Enniskillen crime gang linked to theft of 120 BMWs



AN EASTERN European crime gang operating in Enniskillen has allegedly stolen 120 BMW cars in a sophisticated cross-border key cloning racket, the High Court in Belfast has heard.

Prosecutors said the luxury cars were all taken from the greater Dublin area in the last 10 months and moved to garages in the North.


Four men have been charged following a joint Garda and PSNI operation targeting premises in Enniskillen and in Co Down.

One of them, 31-year-old Jevgenij Drozdov, is accused of handling stolen property.

The Latvian national, with an address in Birmingham, was arrested along with the other suspects after police swooped on a garage just off the Shore Road in Enniskillen on May 27.

Officers discovered eight vehicles, six of them BMWs, and parts believed to have been taken from other stolen cars, the court heard.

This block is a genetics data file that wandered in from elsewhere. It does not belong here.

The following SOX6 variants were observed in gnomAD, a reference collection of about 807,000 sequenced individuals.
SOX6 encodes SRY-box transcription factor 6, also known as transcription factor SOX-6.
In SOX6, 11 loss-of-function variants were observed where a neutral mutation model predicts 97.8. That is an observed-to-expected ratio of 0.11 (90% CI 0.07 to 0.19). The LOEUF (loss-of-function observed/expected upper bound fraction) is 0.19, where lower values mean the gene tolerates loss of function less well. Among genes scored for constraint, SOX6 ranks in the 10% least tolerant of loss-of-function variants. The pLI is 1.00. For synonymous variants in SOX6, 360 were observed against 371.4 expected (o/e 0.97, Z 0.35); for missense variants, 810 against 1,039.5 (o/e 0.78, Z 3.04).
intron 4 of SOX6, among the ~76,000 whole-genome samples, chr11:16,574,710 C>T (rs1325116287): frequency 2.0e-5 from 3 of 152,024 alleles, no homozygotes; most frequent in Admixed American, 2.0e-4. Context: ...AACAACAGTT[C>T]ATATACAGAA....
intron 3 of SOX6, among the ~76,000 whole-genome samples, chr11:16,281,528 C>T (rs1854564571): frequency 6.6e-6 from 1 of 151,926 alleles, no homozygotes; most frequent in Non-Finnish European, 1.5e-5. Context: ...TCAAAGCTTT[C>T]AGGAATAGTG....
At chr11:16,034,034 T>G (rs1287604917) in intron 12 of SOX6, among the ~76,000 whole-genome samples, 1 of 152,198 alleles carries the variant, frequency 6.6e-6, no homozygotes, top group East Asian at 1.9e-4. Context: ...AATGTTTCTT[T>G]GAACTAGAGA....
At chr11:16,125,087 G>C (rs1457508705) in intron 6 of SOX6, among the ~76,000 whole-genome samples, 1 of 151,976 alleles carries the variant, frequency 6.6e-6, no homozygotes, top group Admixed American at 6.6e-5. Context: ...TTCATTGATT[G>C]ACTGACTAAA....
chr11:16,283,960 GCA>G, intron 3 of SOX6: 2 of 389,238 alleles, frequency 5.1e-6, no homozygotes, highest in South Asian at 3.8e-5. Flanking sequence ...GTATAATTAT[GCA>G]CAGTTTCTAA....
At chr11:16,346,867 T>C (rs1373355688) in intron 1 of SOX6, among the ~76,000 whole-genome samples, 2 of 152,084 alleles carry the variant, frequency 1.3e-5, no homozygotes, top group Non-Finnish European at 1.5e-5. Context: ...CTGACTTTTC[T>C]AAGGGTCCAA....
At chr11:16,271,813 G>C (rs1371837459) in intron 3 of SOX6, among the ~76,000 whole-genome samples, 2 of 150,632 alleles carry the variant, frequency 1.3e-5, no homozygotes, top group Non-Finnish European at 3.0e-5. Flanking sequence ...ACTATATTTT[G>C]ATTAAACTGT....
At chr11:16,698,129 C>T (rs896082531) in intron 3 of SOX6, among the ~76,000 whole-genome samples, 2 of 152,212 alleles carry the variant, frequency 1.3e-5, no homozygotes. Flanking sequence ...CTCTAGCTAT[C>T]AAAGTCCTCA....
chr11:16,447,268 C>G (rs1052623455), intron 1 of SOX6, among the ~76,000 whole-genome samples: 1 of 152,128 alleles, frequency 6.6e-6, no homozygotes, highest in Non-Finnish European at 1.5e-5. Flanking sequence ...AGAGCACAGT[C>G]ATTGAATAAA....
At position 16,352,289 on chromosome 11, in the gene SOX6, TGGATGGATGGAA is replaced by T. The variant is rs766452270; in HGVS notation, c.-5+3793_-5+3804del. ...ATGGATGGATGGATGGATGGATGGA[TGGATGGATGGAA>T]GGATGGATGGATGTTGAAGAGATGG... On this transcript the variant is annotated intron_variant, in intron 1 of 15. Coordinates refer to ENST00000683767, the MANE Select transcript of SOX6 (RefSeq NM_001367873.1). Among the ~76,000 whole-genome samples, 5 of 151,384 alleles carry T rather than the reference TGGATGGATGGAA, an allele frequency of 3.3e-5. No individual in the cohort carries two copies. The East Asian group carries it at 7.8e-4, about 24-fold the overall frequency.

During Drozdov’s bail application it was claimed that he travelled over from England in a hired vehicle containing a car alarm signal jammer.

Searches carried out at the homes of his co-accused uncovered a further large number of stolen parts, laptop computers and a BMW key cloner.

Prosecuting counsel Stephanie Boyd revealed: “Since September 2013 around 120 BMW cars have been stolen in the greater Dublin area.


“Police believe an Eastern European organised crime gang is involved.”

She told the judge that the thefts involved a high level of sophistication.

Electronic equipment is used to disable locks and read the vehicle management system.

“That enables a clone of the vehicle’s key to be made,” Mrs Boyd said.

Opposing bail, she said police believe Drozdov travelled over from England to assist in moving a stolen BMW from Dublin to Enniskillen.

She added that no similar car thefts have taken place since the arrests were made.

According to a defence lawyer Drozdov has lived in the UK for the last eight years and has no criminal record.

But his application was adjourned because the Birmingham address was deemed unsuitable.

Mr Justice Weir said: “There is no question of me bailing this man to an address outside Northern Ireland.”

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